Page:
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This recipe is classed as easy

Rating 3.51 / 5 (125 votes)

Prep time:
20 min, plus 20 minutes resting
Cook time:
45 min

Aaron Craze shows how this quintessential Indian street food can be replicated at home


1. For the puri: place the white flour, chapatti flour, curry powder, turmeric and salt into a bowl and mix well to combine. Slowly mix in enough tepid water until the mixture comes together to form a dough.

2. Turn the dough out onto a floured work surface and knead until smooth and elastic. Place back into the bowl and set aside to rest for 20 minutes.

3. Divide the dough into 40-50g balls, then roll each one out into a flat pancake.

4. Heat a few tablespoons of vegetable oil in a frying pan and fry the puri dough pancakes in small batches for 2-3 minutes on both sides, or until golden-brown and cooked through. Drain on kitchen paper. Repeat with the remaining puri dough, adding more oil to the pan as necessary.

5. For the prawns: dust the prawns in the turmeric and set aside.

6. Heat the oil in a pan over a medium heat and add the mustard seeds. When they begin to pop (keep your face a safe distance away from the pan), add the onions and cook for 3-4 minutes, or until the onions are softened.

7. Meanwhile, place the ginger and garlic into a food processor and blend until smooth. Add the paste to the pan, stirring well, and cook for 4-5 minutes, or until aromatic.

8. Stir in the gram masala, cumin, chilli powder and coriander. Cook for one minute, then add the tomatoes cook for 3-4 minutes, or until the mixture reduces and thickens slightly. Stir in the coconut milk and cook for 8-10 minutes, or until the sauce is thickened and has reduced in volume by half.

9. Add the prawns and cover the pan with a lid. Cook for 3-4 minutes, or until the prawns are pink and cooked through.

10. To serve, place a puri on each serving plate and spoon over the prawn mixture. Garnish with the coriander, chilli powder and a wedge of lime.

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Latest Comment


Very tasty dish . Would be hard pressed to serve 4 people a decent sized portion from this recipe . Need to double up on the prawn sauce to get a decent sized portion . The puri does make 4 good sized puris though .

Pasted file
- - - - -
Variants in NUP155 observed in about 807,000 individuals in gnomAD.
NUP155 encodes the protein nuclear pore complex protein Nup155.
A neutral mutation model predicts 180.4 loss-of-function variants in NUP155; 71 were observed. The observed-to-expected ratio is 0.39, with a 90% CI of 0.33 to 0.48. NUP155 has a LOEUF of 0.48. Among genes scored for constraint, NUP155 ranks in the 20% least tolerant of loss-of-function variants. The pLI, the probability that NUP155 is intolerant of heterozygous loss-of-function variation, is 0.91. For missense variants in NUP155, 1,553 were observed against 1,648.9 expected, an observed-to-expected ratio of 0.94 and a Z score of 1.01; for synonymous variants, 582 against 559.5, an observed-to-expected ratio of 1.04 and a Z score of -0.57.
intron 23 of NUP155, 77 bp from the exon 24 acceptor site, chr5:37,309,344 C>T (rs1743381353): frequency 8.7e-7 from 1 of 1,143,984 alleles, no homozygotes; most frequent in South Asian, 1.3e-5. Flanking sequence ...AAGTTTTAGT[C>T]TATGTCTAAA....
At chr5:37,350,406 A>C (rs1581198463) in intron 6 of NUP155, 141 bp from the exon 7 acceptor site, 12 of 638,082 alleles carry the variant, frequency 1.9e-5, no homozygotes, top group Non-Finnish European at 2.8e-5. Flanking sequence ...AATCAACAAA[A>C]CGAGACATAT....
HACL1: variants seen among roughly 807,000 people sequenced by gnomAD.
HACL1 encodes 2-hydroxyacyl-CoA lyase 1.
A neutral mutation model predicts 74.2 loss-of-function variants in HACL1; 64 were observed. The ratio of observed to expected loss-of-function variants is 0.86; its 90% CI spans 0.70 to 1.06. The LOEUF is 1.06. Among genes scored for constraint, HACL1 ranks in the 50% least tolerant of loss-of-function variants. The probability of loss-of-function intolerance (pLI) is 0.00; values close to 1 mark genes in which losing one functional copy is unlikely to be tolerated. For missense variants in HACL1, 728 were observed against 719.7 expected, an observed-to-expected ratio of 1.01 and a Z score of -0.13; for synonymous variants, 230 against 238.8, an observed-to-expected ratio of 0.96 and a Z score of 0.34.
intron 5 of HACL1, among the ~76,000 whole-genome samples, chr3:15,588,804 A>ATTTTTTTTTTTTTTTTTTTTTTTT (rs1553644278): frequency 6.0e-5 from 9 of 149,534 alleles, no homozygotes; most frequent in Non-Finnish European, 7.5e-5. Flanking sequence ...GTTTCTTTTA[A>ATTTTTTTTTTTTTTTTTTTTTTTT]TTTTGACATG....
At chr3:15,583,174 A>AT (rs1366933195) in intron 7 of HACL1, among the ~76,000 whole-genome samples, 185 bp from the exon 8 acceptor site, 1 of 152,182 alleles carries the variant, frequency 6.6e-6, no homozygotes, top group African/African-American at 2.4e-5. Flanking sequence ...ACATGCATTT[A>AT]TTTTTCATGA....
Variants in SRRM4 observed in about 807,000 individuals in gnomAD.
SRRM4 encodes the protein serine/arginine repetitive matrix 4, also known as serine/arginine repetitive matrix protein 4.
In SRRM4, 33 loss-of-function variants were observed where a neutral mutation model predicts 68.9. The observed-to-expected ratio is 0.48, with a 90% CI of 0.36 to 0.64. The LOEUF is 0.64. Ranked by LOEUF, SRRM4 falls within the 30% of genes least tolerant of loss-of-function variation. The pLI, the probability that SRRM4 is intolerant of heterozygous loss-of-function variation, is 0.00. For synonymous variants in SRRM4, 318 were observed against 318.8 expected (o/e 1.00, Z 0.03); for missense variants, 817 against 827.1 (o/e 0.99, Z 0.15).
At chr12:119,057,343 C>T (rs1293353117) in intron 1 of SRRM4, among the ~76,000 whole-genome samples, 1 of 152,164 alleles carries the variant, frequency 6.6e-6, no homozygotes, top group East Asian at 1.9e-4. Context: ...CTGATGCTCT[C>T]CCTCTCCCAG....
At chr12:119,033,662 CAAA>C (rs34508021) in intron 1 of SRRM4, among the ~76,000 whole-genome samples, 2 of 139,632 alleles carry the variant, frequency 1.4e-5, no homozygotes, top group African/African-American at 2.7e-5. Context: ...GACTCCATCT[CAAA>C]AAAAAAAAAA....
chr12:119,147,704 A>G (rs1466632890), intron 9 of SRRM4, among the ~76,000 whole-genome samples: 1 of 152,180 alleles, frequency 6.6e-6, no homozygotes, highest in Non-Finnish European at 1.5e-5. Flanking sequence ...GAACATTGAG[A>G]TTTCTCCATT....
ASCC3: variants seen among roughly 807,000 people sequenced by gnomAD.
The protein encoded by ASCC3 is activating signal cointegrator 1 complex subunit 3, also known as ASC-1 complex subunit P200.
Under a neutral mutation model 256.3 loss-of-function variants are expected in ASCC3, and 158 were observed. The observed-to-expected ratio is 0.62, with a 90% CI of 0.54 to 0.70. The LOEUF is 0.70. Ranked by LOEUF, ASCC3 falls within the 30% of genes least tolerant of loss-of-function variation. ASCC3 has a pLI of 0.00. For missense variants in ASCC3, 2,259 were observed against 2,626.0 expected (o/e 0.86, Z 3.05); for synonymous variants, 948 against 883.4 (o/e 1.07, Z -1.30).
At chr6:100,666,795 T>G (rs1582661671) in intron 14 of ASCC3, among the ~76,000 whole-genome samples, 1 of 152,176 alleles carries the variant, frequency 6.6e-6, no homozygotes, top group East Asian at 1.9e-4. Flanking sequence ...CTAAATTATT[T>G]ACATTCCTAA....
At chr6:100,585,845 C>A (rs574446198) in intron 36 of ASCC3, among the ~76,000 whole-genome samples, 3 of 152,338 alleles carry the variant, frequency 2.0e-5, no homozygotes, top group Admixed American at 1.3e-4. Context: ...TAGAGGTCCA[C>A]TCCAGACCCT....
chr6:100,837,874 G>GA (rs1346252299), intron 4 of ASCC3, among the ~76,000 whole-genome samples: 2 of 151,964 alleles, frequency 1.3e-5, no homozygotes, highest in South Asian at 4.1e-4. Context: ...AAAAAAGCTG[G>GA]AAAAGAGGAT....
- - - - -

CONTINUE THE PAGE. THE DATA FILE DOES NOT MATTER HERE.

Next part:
LouiseR19667 LouiseR19667  Posted 21 Apr 2015 7:18 PM

A fragrant, authentic recipe. However I replaced the chilli powder with four birds eye which, went into the ginger garlic paste, and a little salt was required as the final sauce was thickening. This may just be personal preference ... keep tasting...

BradC94403 BradC94403  Posted 09 Jan 2012 11:46 AM

We love this and have at least once a week. Fantastic recipe and so easy!!

spencer.barnett2075 spencer.barnett2075  Posted 02 May 2010 12:04 PM

Fantastic, I have been using the puri with all my homemade curries. A great alternative to making nan breads.

Chris_P Chris_P Posted 22 Mar 2010 8:20 AM

colleenH63114 colleenH63114 Posted 19 Mar 2010 11:09 AM

I think this has to be one of my favourite recipes from the show, I make this at least twice a week and my hubby and grown up family love it! My daughter makes it too....very popular!

colleenH63114 colleenH63114 Posted 19 Mar 2010 11:04 AM

I normally would not coment on another person's recipe, however as a South Indian I could not stand watching Aaron Craze murder one of my favourite snack foods.

Firstly, the amount of mustard sees he used was far too much for the amount of onion.
Secondly garam masala is NEVER added so early on in a dish - it is a delicate flavour added just before cooking finishes.
Thirdly, adding ground spices to a pan on the edge a (as he did) would burn the spice and ruin any flavour from them.

Fourthly, and most disturbingly, the amount of turmeric used was atrocious. I have never ever used more than a level teaspoon of turmeric especially for such a small amount of prawns.

Puris (pronounced pooris) are made wholly from Chapatti atta (atta= flour) and not from plain flour. Spices are rarely added into the dough.

Overall I was quite disgusted. I realise he stated that it was his own version, and I love fusion foods, but this was quite insulting. There should be some baseline level of knowledge about cuisines and how to use ingredients before showing recipes on TV.

Although I cook and eat traditional South Indian food, I really am experimental with fusion cooking, but I am really surprised at this having been broadcast as an acceptable dish.


anjana anjana Posted 10 Feb 2010 12:22 PM